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New guidebook helps community members and policymakers understand social forestry schemes in Indonesia

Cattle graze on agricultural land in Maluku, Indonesia. Photo by T. Herawati/ CIFOR
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Women cross the Way Bulak River in Lampung, Indonesia, carrying resin from damar trees Photo by U. Ifansasti/CIFOR

One challenge with social forestry is that its inner workings are not always understood – often among the communities most involved in it.

This is why a team of scientists has published a new guidebook that makes this complex form of forest management easier to understand. By explaining in simple terms the legal logistics of how local communities manage different forest areas, the guidebook serves as a reference to government officials and community assistants in the field.

Through this, it aims to help local communities gain tenure for the forests they manage, as is summed up in the title of the book: Practical Application Guidelines on Social Forestry Policy in the Acceleration of the Forest Tenure Reform.

“One of the major challenges causing slow forest tenure reforms is the lack of knowledge of people on the ground on its legal aspects and stages of the reform process,” says Nining Liswanti, Researcher at the Center for International Forestry Research (CIFOR), who led the project of producing the guidebook, which also forms part of the CGIAR Research Program on Forests, Trees and Agroforestry (FTA).

The book – which CIFOR developed in cooperation with Jakarta-based lawyer Asep Y. Firdaus – is part of the Global Comparative Study on Forest Tenure Reform (GCS-Tenure) that investigates implementation of forest tenure reforms and their effects on tenure security.

“Results of our research showed that many forest-dependent people – natives and migrants both – do not know what social forestry is,” says Liswanti. “They don’t know the legal basis, rights and obligations, processes, or whether or not there is tenure security for the forests their communities manage.”

The first step to changing this is education. The guide can be considered a requisite textbook.

Read moreSocial forestry impacts local livelihoods in Indonesia

PROCESS PROGRESS

It’s not just local communities that are lacking knowledge.

“There are many implementing agencies at the subnational level that still face limitations in terms of literacy in the implementation of social forestry and community forests,” says Liswanti.

Cattle graze on agricultural land in Maluku, Indonesia. Photo by T. Herawati/ CIFOR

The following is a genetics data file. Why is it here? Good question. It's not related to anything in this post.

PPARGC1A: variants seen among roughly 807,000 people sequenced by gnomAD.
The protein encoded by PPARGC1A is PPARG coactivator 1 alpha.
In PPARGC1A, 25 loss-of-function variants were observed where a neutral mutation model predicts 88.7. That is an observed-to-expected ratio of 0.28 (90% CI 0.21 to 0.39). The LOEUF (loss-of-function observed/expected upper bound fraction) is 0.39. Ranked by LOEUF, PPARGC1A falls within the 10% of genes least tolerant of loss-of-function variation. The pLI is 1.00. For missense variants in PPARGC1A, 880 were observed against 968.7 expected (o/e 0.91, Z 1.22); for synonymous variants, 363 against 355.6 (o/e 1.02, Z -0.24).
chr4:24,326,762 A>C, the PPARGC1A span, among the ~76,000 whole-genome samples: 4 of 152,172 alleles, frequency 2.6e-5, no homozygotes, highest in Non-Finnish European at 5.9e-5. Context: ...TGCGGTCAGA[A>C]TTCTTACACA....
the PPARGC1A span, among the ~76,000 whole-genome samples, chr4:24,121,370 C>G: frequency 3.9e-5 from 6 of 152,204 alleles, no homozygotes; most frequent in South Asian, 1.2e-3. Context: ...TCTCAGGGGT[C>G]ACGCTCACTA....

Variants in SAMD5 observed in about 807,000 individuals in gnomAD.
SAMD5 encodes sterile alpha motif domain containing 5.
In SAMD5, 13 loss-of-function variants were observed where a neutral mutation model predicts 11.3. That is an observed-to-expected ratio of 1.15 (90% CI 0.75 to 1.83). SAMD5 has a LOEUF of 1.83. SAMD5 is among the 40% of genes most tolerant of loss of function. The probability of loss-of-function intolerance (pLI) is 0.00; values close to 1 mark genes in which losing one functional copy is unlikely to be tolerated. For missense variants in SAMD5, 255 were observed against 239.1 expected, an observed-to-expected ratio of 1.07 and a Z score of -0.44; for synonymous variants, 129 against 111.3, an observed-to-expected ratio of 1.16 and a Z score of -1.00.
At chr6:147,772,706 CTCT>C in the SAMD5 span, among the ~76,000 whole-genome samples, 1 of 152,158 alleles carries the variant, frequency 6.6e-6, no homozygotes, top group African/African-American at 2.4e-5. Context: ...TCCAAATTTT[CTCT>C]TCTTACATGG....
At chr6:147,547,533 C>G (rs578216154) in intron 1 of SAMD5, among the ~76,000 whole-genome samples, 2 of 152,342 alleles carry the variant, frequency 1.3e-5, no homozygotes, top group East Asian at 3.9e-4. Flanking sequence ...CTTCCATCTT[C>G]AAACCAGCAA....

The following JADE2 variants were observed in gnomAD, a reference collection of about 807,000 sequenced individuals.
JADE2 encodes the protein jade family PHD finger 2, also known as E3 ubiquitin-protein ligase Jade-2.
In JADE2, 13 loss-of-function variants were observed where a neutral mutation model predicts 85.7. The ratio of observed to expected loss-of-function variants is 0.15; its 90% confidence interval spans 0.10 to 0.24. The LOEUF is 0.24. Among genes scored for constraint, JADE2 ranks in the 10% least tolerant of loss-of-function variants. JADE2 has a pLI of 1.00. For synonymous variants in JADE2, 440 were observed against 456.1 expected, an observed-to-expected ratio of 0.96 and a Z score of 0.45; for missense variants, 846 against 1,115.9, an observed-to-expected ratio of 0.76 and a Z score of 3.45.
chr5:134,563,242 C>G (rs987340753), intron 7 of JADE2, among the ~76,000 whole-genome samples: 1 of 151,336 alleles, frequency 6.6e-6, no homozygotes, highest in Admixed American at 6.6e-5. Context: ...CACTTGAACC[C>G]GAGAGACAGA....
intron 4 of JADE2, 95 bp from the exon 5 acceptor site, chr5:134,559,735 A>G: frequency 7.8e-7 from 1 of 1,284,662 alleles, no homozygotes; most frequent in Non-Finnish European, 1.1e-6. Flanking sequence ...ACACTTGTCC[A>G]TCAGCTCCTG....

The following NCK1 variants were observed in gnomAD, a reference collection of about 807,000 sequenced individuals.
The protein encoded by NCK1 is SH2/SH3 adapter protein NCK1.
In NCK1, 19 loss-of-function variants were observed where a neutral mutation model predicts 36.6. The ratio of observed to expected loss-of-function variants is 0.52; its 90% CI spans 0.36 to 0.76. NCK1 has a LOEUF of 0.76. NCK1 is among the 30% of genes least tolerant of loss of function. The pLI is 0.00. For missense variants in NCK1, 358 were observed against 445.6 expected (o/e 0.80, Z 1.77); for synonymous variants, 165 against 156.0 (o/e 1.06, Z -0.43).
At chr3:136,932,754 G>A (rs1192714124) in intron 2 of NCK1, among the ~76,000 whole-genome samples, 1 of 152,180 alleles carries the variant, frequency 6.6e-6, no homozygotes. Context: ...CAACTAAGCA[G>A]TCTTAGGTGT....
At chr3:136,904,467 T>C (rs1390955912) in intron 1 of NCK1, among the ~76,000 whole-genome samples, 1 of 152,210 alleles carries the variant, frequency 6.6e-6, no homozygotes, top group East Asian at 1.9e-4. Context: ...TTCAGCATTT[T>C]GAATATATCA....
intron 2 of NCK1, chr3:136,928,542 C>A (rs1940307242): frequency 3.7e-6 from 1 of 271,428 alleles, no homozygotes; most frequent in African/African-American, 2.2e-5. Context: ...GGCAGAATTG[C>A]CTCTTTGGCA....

And it is little wonder why. Indonesia has five different social forestry schemes (hutan kemasyarakatan or community forests, hutan tanaman rakyat or community plantation forests, hutan desa or village forests, partnership forests and adat customary forests).

For years, obtaining licenses for any one of these was complex and fragmented, involving different processes at national and subnational levels that could take between two and three years.

However, these procedures were overhauled in 2016 by a ministerial regulation on social forestry. Now, acquisition procedures are more streamlined and can be processed between 24 and 37 days – as explained in the guidebook.

With a practical compact design, the book is an easy yet informative read containing an FAQ-style explanation of specific terms, clear diagrams for the application of each social forestry scheme and a complete appendix of underlying regulations.

“The guidebook illustrates the phases of application for the five different social forestry schemes. It also contains information on the recognition of customary communities post-MK35,” Liswanti says, referring to the Indonesian Constitutional Court’s 2013 decision that removed customary forests from their categorization as state forests, thereby recognizing the rights of local communities over their traditional territories.

In short, it seeks to teach both local people and policymakers about forest communities’ options and rights.

LOOKING AT LAMPUNG

GCS-Tenure research has found that people implementing forest tenure reform both directly and indirectly have challenges and questions that need to be addressed. The guidebook tackles these issues by drawing on lessons learned in social forestry areas, and Liswanti says the research site of Lampung in particular informed the book.

In 2014, Indonesian President Joko Widodo set a target of bringing 12.7 million hectares of forest landscapes under social forestry schemes; as of 2017, less than 10% of this target had been reached.

Lampung is one of the few places contributing successfully to this percentage. With almost 20 years of experience implementing social forestry, Lampung has at different points implemented all of the social forestry schemes, save for customary forests.

“Initially, the book was a collection of inputs from stakeholders in both communities and implementing agencies,” says Liswanti. “Findings from community workshop activities and results of participatory prospective analysis [PPA] workshops involving stakeholders in Lampung – and Maluku – have led to the development of this guidebook.”

Now, these stakeholder contributions are being used to help others learn, even within their own communities.

“This guidebook has been our main material in providing legal literacy training at the community level,” says Liswanti. “They happily welcome this manual.”

Read more: Possibilities and challenges for forest tenure reform in Indonesia